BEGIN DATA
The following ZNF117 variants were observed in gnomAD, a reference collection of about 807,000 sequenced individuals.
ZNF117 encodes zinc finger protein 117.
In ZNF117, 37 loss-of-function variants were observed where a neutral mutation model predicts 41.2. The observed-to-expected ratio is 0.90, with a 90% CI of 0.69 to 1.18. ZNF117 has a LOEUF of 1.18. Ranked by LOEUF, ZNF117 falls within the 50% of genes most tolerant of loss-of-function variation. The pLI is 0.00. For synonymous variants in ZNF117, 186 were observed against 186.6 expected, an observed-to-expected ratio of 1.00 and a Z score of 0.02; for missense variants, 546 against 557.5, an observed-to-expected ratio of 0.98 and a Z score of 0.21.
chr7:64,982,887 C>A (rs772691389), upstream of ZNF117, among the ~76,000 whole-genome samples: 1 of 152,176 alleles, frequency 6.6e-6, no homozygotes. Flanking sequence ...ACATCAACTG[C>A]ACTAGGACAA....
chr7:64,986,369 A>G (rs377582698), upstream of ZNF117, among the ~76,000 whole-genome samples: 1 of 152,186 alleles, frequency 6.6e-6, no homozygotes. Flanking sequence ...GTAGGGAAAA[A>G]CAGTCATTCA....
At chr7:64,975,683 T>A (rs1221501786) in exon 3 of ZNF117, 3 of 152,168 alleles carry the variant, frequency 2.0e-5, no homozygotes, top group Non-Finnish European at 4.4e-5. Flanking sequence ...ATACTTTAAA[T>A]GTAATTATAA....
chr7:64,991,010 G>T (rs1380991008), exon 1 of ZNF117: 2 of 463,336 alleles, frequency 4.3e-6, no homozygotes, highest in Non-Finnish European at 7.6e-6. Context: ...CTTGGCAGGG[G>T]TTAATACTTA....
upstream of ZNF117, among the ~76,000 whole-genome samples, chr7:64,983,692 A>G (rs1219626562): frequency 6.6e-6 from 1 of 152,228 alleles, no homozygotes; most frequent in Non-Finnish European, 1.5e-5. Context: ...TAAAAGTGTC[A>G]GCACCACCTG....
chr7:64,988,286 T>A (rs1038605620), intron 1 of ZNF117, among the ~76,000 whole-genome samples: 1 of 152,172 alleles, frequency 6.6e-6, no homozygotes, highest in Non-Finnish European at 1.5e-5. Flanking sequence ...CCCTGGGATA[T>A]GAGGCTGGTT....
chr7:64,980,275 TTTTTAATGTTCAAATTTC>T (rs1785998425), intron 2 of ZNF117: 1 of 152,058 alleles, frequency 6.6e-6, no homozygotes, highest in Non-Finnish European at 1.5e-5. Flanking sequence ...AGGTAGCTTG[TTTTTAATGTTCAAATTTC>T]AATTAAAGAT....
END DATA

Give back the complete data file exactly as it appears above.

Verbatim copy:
The following ZNF117 variants were observed in gnomAD, a reference collection of about 807,000 sequenced individuals.
ZNF117 encodes zinc finger protein 117.
In ZNF117, 37 loss-of-function variants were observed where a neutral mutation model predicts 41.2. The observed-to-expected ratio is 0.90, with a 90% CI of 0.69 to 1.18. ZNF117 has a LOEUF of 1.18. Ranked by LOEUF, ZNF117 falls within the 50% of genes most tolerant of loss-of-function variation. The pLI is 0.00. For synonymous variants in ZNF117, 186 were observed against 186.6 expected, an observed-to-expected ratio of 1.00 and a Z score of 0.02; for missense variants, 546 against 557.5, an observed-to-expected ratio of 0.98 and a Z score of 0.21.
chr7:64,982,887 C>A (rs772691389), upstream of ZNF117, among the ~76,000 whole-genome samples: 1 of 152,176 alleles, frequency 6.6e-6, no homozygotes. Flanking sequence ...ACATCAACTG[C>A]ACTAGGACAA....
chr7:64,986,369 A>G (rs377582698), upstream of ZNF117, among the ~76,000 whole-genome samples: 1 of 152,186 alleles, frequency 6.6e-6, no homozygotes. Flanking sequence ...GTAGGGAAAA[A>G]CAGTCATTCA....
At chr7:64,975,683 T>A (rs1221501786) in exon 3 of ZNF117, 3 of 152,168 alleles carry the variant, frequency 2.0e-5, no homozygotes, top group Non-Finnish European at 4.4e-5. Flanking sequence ...ATACTTTAAA[T>A]GTAATTATAA....
chr7:64,991,010 G>T (rs1380991008), exon 1 of ZNF117: 2 of 463,336 alleles, frequency 4.3e-6, no homozygotes, highest in Non-Finnish European at 7.6e-6. Context: ...CTTGGCAGGG[G>T]TTAATACTTA....
upstream of ZNF117, among the ~76,000 whole-genome samples, chr7:64,983,692 A>G (rs1219626562): frequency 6.6e-6 from 1 of 152,228 alleles, no homozygotes; most frequent in Non-Finnish European, 1.5e-5. Context: ...TAAAAGTGTC[A>G]GCACCACCTG....
chr7:64,988,286 T>A (rs1038605620), intron 1 of ZNF117, among the ~76,000 whole-genome samples: 1 of 152,172 alleles, frequency 6.6e-6, no homozygotes, highest in Non-Finnish European at 1.5e-5. Flanking sequence ...CCCTGGGATA[T>A]GAGGCTGGTT....
chr7:64,980,275 TTTTTAATGTTCAAATTTC>T (rs1785998425), intron 2 of ZNF117: 1 of 152,058 alleles, frequency 6.6e-6, no homozygotes, highest in Non-Finnish European at 1.5e-5. Flanking sequence ...AGGTAGCTTG[TTTTTAATGTTCAAATTTC>T]AATTAAAGAT....